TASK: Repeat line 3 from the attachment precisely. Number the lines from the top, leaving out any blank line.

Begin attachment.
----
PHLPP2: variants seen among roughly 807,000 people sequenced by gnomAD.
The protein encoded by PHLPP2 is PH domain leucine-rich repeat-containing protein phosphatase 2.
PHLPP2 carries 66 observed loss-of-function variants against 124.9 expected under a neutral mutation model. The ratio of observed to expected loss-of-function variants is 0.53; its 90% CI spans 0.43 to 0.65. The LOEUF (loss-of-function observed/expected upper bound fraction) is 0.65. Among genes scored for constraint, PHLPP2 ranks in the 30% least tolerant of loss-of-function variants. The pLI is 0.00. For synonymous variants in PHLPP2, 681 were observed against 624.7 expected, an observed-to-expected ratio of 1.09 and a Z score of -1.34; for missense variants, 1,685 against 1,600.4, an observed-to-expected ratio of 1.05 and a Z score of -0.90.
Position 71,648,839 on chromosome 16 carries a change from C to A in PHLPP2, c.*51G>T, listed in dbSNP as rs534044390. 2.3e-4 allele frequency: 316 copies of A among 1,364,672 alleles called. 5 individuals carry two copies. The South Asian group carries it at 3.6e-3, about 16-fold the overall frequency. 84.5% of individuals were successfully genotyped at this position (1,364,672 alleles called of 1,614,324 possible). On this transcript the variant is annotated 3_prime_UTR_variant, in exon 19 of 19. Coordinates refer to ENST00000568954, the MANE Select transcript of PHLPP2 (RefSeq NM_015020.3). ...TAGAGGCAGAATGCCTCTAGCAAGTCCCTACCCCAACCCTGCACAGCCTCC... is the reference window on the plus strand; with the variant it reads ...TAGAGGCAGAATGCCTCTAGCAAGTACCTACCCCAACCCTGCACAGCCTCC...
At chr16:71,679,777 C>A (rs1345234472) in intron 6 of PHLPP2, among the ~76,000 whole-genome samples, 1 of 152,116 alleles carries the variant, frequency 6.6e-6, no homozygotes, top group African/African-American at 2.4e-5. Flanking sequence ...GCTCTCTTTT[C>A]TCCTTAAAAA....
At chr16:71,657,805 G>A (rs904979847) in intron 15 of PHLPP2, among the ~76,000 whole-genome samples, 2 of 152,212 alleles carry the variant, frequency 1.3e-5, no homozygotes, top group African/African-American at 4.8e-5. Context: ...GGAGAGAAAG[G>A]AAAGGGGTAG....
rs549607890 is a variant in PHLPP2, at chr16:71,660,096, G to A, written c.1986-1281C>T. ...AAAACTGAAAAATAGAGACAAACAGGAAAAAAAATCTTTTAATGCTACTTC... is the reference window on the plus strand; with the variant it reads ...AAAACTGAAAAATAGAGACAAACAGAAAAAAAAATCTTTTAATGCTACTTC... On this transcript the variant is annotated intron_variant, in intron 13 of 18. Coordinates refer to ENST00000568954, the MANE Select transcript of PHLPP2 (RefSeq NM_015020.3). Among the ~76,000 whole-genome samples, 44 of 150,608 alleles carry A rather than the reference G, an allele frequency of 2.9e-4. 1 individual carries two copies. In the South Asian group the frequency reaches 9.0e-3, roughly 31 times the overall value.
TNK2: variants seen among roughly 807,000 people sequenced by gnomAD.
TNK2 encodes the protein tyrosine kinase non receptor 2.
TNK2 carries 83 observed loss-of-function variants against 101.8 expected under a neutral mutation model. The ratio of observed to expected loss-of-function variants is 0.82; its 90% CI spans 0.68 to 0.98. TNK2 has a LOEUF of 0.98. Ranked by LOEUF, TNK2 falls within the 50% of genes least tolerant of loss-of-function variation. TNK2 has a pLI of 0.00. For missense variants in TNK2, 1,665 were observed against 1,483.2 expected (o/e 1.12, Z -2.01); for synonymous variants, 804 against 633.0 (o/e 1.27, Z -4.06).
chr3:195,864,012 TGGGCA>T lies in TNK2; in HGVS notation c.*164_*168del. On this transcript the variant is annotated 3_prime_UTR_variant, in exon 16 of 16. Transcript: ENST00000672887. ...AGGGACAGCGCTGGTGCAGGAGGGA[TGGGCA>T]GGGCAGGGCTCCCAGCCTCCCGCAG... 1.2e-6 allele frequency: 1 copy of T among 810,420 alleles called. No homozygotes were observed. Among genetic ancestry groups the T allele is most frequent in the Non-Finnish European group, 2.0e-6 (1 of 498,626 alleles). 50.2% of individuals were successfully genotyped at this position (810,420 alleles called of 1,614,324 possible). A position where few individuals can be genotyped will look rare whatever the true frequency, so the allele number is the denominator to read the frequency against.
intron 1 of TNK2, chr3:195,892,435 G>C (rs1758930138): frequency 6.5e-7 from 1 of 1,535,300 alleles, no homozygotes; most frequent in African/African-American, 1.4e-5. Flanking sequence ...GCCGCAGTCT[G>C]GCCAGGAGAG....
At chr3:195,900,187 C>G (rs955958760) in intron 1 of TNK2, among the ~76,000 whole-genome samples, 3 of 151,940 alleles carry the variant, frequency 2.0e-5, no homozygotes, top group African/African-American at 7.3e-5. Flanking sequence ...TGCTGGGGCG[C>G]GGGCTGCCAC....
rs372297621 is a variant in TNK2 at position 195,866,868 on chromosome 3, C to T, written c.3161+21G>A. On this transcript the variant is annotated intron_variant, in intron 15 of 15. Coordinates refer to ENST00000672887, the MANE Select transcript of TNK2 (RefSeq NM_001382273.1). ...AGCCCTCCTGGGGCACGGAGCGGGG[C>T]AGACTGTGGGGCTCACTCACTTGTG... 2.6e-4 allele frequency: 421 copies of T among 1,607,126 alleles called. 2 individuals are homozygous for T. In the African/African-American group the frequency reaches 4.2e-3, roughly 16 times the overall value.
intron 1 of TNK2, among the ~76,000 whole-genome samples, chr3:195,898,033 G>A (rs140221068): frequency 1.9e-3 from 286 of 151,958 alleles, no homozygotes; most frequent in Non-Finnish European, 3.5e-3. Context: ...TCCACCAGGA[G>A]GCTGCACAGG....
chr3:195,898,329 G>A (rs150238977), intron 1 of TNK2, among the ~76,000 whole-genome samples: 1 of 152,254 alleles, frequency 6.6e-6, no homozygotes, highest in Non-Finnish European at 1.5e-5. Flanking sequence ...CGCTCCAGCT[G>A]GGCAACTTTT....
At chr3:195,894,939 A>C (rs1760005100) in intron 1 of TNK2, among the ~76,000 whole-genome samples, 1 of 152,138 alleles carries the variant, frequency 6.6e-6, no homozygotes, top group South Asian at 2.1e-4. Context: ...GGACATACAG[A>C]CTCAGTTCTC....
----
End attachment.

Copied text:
PHLPP2 carries 66 observed loss-of-function variants against 124.9 expected under a neutral mutation model. The ratio of observed to expected loss-of-function variants is 0.53; its 90% CI spans 0.43 to 0.65. The LOEUF (loss-of-function observed/expected upper bound fraction) is 0.65. Among genes scored for constraint, PHLPP2 ranks in the 30% least tolerant of loss-of-function variants. The pLI is 0.00. For synonymous variants in PHLPP2, 681 were observed against 624.7 expected, an observed-to-expected ratio of 1.09 and a Z score of -1.34; for missense variants, 1,685 against 1,600.4, an observed-to-expected ratio of 1.05 and a Z score of -0.90.